The New York Times has published an obituary of Avraham Biran, the archaeologist who excavated Tel Dan and discovered the fragment of a monument containing a reference to the house of David. Biran died on September 16 at the age of 98.
Speaking of Biran’s work at Tel Dan, the article says:
In 1993, after nearly three decades of digging at Dan, which is on the Syrian border and near the headwaters of the Jordan River, Dr. Biran and his colleagues discovered a foot-long piece of stone with a partial inscription in Early Aramaic.
The archaeologists were able to decipher text on what was possibly a monument to commemorate victory in battle by a king of Aram over Israel. The inscription – which contained the words House of David – was dated to the ninth century B.C. and was hailed by biblical scholars as a unique find and evidence of the antiquity of King David’s lineage. Some scholars, however, have questioned the interpretation of the discovery and even the existence of King David.
It was already known that the Bible, in the Book of Kings, refers to Dan as the city of the Golden Calf. The Israelite king Jeroboam placed a gilded idol in a shrine for his subjects to worship there, probably in the ninth century B.C.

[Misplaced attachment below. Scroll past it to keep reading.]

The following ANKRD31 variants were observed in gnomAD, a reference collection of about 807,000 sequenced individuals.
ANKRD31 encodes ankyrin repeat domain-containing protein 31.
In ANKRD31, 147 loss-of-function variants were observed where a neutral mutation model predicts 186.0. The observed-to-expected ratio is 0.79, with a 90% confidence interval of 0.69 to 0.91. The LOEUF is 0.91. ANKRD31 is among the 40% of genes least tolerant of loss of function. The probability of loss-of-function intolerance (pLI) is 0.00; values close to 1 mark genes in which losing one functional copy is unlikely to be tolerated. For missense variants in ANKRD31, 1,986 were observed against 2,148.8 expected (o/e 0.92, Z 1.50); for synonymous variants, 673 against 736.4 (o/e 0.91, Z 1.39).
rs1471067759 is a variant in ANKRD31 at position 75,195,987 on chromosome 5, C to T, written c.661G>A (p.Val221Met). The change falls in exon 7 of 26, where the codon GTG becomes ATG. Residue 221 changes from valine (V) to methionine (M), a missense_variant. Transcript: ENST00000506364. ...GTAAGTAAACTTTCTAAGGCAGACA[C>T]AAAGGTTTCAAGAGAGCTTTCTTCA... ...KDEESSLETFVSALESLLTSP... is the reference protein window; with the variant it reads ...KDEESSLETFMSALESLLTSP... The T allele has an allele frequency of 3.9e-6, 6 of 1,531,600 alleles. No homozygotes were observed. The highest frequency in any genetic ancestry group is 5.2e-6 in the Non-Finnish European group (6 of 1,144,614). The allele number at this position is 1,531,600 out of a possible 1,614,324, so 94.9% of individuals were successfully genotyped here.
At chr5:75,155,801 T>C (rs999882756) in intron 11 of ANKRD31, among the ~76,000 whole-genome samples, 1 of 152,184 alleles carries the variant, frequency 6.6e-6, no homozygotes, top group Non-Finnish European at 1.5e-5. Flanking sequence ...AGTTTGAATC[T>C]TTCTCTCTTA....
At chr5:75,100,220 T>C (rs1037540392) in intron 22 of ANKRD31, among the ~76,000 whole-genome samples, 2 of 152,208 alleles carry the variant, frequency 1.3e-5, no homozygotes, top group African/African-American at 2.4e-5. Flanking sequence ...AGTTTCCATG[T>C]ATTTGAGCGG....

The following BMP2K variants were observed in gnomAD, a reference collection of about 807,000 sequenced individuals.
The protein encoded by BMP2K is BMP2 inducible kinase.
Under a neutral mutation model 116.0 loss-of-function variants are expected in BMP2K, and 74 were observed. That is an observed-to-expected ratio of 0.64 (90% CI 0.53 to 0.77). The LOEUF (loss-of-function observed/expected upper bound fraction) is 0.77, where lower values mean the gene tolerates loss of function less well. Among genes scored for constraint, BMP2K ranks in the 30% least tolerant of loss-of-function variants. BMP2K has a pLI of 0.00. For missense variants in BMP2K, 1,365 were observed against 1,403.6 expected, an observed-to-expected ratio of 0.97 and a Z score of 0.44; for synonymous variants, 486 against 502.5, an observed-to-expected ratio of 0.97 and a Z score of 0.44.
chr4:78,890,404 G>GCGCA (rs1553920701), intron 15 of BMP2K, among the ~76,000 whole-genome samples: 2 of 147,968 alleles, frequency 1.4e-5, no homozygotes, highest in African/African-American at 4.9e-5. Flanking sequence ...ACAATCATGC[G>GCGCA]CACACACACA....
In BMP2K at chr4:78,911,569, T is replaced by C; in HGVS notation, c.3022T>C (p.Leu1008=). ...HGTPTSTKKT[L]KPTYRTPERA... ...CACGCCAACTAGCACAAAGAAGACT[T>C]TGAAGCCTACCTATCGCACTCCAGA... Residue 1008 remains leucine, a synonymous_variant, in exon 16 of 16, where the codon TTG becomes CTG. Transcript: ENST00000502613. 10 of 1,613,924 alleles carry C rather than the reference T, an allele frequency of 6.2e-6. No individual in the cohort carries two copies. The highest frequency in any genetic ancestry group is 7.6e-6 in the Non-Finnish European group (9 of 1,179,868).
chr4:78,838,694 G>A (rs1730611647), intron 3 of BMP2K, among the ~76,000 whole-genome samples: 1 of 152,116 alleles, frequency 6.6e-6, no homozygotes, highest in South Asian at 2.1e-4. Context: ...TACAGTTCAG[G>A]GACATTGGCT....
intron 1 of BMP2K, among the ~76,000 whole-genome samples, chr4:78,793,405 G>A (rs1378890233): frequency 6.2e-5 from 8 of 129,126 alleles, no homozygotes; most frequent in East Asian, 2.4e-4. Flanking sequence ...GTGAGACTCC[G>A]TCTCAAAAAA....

Although Dr. Biran and his collaborators never found the calf, they did discover the remains of a mud-brick city gate of the Middle Bronze Age and tombs from the Late Bronze Age. After sifting through layers that contained pottery shards from Roman times, they also established that Israelite tribes probably arrived in the 12th century B.C. and later used the site as a fortress for defending against raids by Syrian tribes. He peeled away Dan’s complex historical passage in a book, “Biblical Dan.”
Israel has produced great archaeologists, and Avraham Biran was one of them.
Professor of Old Testament
Northern Baptist Seminary
Tags: Archaeology, Avraham Biran, Tel Dan
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